Understand, therefore, in order that thou mayest not fall into the error of the Hululis (see Note 1): — He is not in a thing nor a thing in Him, whether entering in or proceeding forth. It is necessary that thou know Him after this fashion, not by knowledge, nor by intellect, nor by understanding, nor by imagination, nor by sense, nor by the outward eye, nor by the inward eye, nor by perception. There does not see Him, save Himself; nor perceive Him, save Himself. By Himself He sees Himself, and by Himself He knows Himself. None sees Him other than He, and none perceives Him other than He. His Veil is [only a part of] His oneness; nothing veils other than He. His veil (See Note 2) is [only] the concealment of His existence in His oneness, without any quality. None sees Him other than He — no sent prophet, nor saint made perfect, nor angel brought nigh (See Note 3) knows Him. His Prophet is He, and His sending is He, and His word is He. He sent Himself with Himself to Himself. There was no mediator nor any means other than He. There is no difference between the Sender and the thing sent, and the person sent and the person to whom he is sent. The very existence of the prophetic message is His existence. There is no other, and there is no existence to other, than He, nor to its ceasing to be, nor to its name, nor to its named.

And for this the Prophet (upon whom be peace) said: “Whoso knoweth himself knoweth his Lord”. And he said (upon him be peace): “I know my Lord by my Lord”. The Prophet (upon whom be peace) points out by that, that thou art not thou: thou art He, without thou; not He entering into thee, nor thou entering into Him, nor He proceeding forth from thee, nor thou proceeding forth from Him. And it is not meant by that, that thou art aught that exists or thine attributes aught that exists, but it is meant by it that thou never wast nor wilt be, whether by thyself or through Him or in Him or along with Him. Thou art neither ceasing to be nor still existing. Thou art He, without one of these limitations. Then if thou know thine existence thus, then thou knowest God; and if not, then not.

And most of “those who know God” make a ceasing of existence and the ceasing of that ceasing a condition of attaining the knowledge of God, and that is an error and a clear oversight. For the knowledge of God does not presuppose the ceasing of existence nor the ceasing of that ceasing. For things have no existence, and what does not exist cannot cease to exist. For the ceasing to be implies the positing of existence, and that is polytheism. Then if thou know thyself without existence or ceasing to be, then thou knowest God; and if not, then not.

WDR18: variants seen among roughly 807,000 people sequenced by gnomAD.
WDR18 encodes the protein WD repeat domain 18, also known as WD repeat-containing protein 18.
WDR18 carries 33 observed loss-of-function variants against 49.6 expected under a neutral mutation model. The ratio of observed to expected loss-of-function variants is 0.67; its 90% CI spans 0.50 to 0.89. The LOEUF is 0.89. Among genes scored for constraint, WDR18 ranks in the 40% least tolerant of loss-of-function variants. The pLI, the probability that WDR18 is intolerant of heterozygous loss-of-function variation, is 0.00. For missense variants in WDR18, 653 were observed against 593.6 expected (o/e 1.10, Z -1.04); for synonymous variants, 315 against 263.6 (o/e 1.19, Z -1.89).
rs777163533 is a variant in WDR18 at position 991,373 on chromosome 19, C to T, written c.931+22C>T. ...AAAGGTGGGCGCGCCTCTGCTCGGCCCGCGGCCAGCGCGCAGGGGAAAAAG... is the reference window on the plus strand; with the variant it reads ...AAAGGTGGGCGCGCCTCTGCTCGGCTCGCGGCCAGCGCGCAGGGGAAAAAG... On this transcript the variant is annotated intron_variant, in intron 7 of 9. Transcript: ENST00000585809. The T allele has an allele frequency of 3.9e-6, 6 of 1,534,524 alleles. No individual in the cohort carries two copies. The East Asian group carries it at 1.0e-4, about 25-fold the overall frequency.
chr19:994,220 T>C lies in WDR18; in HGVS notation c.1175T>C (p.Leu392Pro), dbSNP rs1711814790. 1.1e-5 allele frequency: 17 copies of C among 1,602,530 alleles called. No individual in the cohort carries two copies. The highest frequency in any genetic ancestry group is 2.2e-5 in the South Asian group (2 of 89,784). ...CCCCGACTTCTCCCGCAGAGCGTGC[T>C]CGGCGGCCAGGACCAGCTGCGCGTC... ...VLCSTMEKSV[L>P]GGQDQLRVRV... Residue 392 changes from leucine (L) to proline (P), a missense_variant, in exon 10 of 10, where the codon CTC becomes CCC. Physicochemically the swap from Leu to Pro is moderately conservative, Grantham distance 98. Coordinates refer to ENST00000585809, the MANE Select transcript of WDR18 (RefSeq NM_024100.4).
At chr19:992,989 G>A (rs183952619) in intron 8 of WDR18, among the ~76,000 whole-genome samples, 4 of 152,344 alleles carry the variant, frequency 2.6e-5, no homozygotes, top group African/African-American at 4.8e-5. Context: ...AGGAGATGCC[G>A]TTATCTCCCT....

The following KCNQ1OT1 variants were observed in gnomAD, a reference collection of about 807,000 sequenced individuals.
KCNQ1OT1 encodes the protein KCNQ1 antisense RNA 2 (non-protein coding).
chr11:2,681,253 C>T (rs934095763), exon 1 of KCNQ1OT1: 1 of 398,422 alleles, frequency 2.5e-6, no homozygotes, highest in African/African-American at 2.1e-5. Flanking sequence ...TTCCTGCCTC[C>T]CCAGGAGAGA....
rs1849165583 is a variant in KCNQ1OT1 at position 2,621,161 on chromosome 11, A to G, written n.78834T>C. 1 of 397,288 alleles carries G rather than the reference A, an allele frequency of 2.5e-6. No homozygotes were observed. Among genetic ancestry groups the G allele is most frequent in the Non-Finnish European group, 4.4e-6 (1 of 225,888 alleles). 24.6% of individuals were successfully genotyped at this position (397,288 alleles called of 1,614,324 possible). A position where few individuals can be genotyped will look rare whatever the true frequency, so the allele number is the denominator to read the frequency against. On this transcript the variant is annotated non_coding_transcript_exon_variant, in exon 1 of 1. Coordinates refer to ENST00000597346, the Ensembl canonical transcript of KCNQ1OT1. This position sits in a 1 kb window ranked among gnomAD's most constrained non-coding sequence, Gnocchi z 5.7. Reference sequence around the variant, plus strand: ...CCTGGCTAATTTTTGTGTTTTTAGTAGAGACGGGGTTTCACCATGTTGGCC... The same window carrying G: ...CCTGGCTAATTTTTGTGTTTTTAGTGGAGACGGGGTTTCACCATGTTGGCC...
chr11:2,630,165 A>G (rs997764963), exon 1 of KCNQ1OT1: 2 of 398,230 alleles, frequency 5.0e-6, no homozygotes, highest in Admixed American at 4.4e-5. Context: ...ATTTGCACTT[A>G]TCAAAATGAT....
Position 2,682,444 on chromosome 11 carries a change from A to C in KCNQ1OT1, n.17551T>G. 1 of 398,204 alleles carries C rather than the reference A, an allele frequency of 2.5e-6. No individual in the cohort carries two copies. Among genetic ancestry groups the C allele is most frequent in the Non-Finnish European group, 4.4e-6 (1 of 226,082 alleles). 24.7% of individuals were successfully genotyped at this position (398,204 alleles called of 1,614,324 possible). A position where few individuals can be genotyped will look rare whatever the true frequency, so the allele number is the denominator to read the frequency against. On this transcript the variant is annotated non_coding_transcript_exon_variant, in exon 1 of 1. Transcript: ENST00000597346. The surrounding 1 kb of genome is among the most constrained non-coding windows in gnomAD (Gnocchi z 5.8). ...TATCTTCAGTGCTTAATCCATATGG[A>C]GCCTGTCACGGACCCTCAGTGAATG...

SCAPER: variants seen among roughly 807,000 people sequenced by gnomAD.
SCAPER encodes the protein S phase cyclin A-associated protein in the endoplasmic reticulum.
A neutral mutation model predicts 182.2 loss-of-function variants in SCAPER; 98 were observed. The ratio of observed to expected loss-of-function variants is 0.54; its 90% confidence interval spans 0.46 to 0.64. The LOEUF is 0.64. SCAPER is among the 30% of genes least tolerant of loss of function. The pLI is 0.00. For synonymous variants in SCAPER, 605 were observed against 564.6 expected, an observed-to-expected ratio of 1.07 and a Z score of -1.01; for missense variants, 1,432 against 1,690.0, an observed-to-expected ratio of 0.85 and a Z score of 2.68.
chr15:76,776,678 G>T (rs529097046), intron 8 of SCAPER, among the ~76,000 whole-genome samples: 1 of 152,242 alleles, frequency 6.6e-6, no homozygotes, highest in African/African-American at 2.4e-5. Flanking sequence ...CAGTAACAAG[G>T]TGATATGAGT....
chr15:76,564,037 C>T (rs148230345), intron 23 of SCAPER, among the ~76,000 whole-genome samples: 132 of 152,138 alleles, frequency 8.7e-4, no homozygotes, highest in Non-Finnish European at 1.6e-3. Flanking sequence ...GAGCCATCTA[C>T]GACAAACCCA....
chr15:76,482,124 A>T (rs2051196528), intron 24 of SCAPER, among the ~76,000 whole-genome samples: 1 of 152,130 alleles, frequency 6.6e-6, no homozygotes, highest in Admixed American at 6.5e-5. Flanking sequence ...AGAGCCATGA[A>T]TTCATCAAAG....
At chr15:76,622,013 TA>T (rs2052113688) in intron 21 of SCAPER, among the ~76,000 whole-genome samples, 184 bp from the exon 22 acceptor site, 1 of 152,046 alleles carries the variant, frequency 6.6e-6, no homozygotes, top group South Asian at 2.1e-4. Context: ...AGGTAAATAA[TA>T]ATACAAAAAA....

And in making the knowledge of God conditional upon the ceasing of existence and the ceasing of that ceasing, there is involved an assertion of polytheism. For the Prophet (upon whom be peace) said, “Whoso knoweth himself,” and did not say, “Whoso maketh himself to cease to be”. For the affirmation of the other makes its extinction impossible, and [on the other hand] that of which the affirmation is not allowable its extinction is not allowable. Thine existence is nothing, and nothing cannot be added to something, whether it be perishing or unperishing, or existent or non-existent. The Prophet points to the fact that thou art non-existent now as thou wast non-existent before the Creation. For now is past eternity and now is future eternity, and now is past time. And God (whose name be exalted) is the existence of past eternity and the existence of future eternity and the existence of past time, yet without past eternity or future eternity or past time ever existing. For if it were not so He would not be by Himself without any partner, and it is indispensable that He should be by Himself without any partner. For His “partner” would be he whose existence was in his own essence, not in the existence of God, and whoever should be in that position would not be dependent upon Him. Then, in that case, there would be a second Lord, which is absurd: God (whose name be exalted) can have no partner nor like nor equal. And whoever looks upon anything as being along with God or apart from God or in God, but subject to Him in respect of His divinity, makes this thing also a partner, [only] subject to God in respect of divinity. And whoever allows that anything exists side by side with God, whether self-subsisting or subsisting in Him or capable of ceasing to exist or of ceasing to cease to exist, he is far from what smells of a breath of the knowledge of the soul.

Note 1: In the text, the note at this point reads, “Who believe in incarnations of God”. Return to text.
Note 2: In the text, the note here reads “That is, phenomenal existence”. Return to text.
Note 3: In the text, this note directs the reader to “Koran, IV, 170”. Return to text.

Editor’s Note: For Brother Theophyle’s take on this passage by Ibn ’Arabi, please click here and here.